English 738T, Spring 2015
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Hacking the print book

Posted by Manon Soulet on Sunday, February 22nd, 2015 at 12:50 am

Jumping from our presentation on the Blake Archive a couple weeks ago, I would like to dedicate this blog post to one particular issue raised by digitizing Blake’s The Marriage of Heaven and Hell – and, generally speaking, by the process of digital remediation – that is the question of the materiality of the print book and its implications.

What do you lose by getting rid of the book? What does the print book offer that the digital one does not? Does the change of frame affect our reception of Blake’s work? According to Andrew Piper in Dreaming in Books, in the 19th century, “it was precisely the materiality of the book that provided the contours to such imagining, indeed to the imagination itself.” But what about TMHH? Blake himself experimented with the concept of the book by combining textual and visual elements in order to unsettle the reader’s reception; eventually contributing to the redefinition of literature. Blake already complicated the traditional signification of the book. With the development of digital technology, the role of the print book is no longer evident.

 Is literature contained within the print book? According to Piper, it was during the 19th century that this idea started to spread with “the emergence of this nexus between the book and literature”. Yet, the growing popularity of devices like Kindles and e-books seem to disprove it. Indeed, digitizing a book amounts to separating literature and print book by transposing literature onto another platform, another space removed from the physical book. According to Piper, it leads us to “reimagine a literary work as residing not in a single book but as part if an interrelated bibliographic network.” Matthew Kirschenbaum in his article entitled “Bookscapes: Modeling Books in Electronic Space” enriches this discussion by explaining that “books on the screen are not books, they are models of books.” What is literature then? For Katherine N. Hayles in “Print Is Flat, Code Is Deep: The Importance of Media-Specific Analysis”, literature is to be met as “the interplay between form and medium.” Following this statement, we may wonder: what does a book do? To answer this question, Kirshenbaum identifies for instance what he calls five affordances of the book: “books are simultaneously sequential and random access”, “books are volumetric objects”, “books are finite”, “books offer a fundamentally comparative space”, and finally “books are writeable”.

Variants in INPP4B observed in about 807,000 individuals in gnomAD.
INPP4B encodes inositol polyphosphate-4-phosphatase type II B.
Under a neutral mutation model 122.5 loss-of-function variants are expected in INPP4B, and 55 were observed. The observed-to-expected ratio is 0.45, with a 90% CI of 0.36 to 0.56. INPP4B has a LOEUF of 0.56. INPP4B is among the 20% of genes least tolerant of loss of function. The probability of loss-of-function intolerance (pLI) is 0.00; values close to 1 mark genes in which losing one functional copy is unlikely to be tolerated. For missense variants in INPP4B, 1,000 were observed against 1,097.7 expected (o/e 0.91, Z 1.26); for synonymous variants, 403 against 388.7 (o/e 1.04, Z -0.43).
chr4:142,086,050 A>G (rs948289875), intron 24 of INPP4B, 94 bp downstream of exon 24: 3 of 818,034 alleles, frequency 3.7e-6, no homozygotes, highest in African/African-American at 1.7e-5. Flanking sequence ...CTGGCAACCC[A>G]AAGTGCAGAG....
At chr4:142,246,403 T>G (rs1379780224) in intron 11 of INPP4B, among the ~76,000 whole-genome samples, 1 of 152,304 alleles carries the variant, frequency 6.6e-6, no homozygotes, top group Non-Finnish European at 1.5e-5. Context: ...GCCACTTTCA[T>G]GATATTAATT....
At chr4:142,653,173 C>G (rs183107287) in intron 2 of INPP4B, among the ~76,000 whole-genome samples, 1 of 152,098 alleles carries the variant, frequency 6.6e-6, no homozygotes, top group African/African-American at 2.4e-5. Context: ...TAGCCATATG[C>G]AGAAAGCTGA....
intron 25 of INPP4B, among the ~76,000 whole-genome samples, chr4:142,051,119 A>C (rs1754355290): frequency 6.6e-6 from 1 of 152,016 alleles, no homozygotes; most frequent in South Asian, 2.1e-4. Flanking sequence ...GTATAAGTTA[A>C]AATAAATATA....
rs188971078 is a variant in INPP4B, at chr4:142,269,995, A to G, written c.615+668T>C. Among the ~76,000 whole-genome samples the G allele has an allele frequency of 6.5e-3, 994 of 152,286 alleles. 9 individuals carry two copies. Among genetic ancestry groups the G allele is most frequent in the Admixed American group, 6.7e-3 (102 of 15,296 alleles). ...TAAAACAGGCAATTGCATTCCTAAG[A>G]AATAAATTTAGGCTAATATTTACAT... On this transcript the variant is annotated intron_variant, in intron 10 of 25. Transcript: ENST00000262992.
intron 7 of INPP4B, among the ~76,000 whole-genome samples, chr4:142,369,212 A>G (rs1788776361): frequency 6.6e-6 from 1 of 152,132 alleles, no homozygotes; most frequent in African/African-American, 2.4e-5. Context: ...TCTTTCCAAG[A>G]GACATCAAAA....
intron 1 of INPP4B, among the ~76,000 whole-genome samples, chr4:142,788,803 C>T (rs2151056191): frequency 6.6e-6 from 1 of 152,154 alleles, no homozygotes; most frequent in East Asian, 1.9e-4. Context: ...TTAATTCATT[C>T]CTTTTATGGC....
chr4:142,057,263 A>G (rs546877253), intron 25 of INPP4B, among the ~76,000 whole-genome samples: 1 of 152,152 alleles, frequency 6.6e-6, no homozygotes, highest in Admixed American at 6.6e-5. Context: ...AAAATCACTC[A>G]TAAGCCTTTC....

As Piper explains about in the 19th century: “Adapting to books… was not something that just happened. It necessitated significant reorganizations of both social and individual identities.” The apparition of a new cultural media affected individual identities. The same can be said today about the development of digital culture. As a result of remediation, literature becomes a social experience, a collective process. It no long constitutes a private, intimate experience, but a public and interconnected one, shared across the WWW.

The same transition – from private to collective – goes for the print book itself. When we read a book online, it seems that the question of possession comes into account. We cannot possess anything online because we, as users, are separated from the object in question. And few people know better than students/lovers of literature that a book constitutes a valuable possession. Yet, considering that possessions sometimes work as a way to complete a person, it seems that when we are online, we are losing that sense of possession, and by extension, that sense of completeness. In this sense, reading a book online may, in a way, amount to losing or at least to dispense with a part of ourselves. Moreover, the remediation from print book to the web implies moving the text from a stable and monolithic structure to one that is ever changing. The digital space thrives on evolution; it guarantees interconnection, universal access, and no virtual limits, which in theory sounds like an ideal accomplishment. Yet, as a fluid form of communication, it also constitutes a space of constant mobility and updating, a tool that escapes control and with which the individual can never keep up and can even potentially lose him/herself.

Could a system based on universal access and inclusion turn out to be alienating? Are books bound to undergo re-edition, re-appropriation, transformation, and maybe eventually, disintegration? It sounds like a dreadful prospect – maybe something to think about…

Hayles, N K. “Print Is Flat, Code Is Deep: the Importance of Media-Specific Analysis.” Music Educators Journal. 90 (2004): 67-90. Print.

Kirschenbaum, Matthew. “Bookscapes: Modeling Books in Electronic Space”. Human-Computer Interaction Lab 25th Annual Symposium. May 29, 2008.

Piper, A. “Dreaming in Books: the Making of the Bibliographic Imagination in the Romantic Age.” Literature & History. 20.2 (2011): 97. Print.



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3 Responses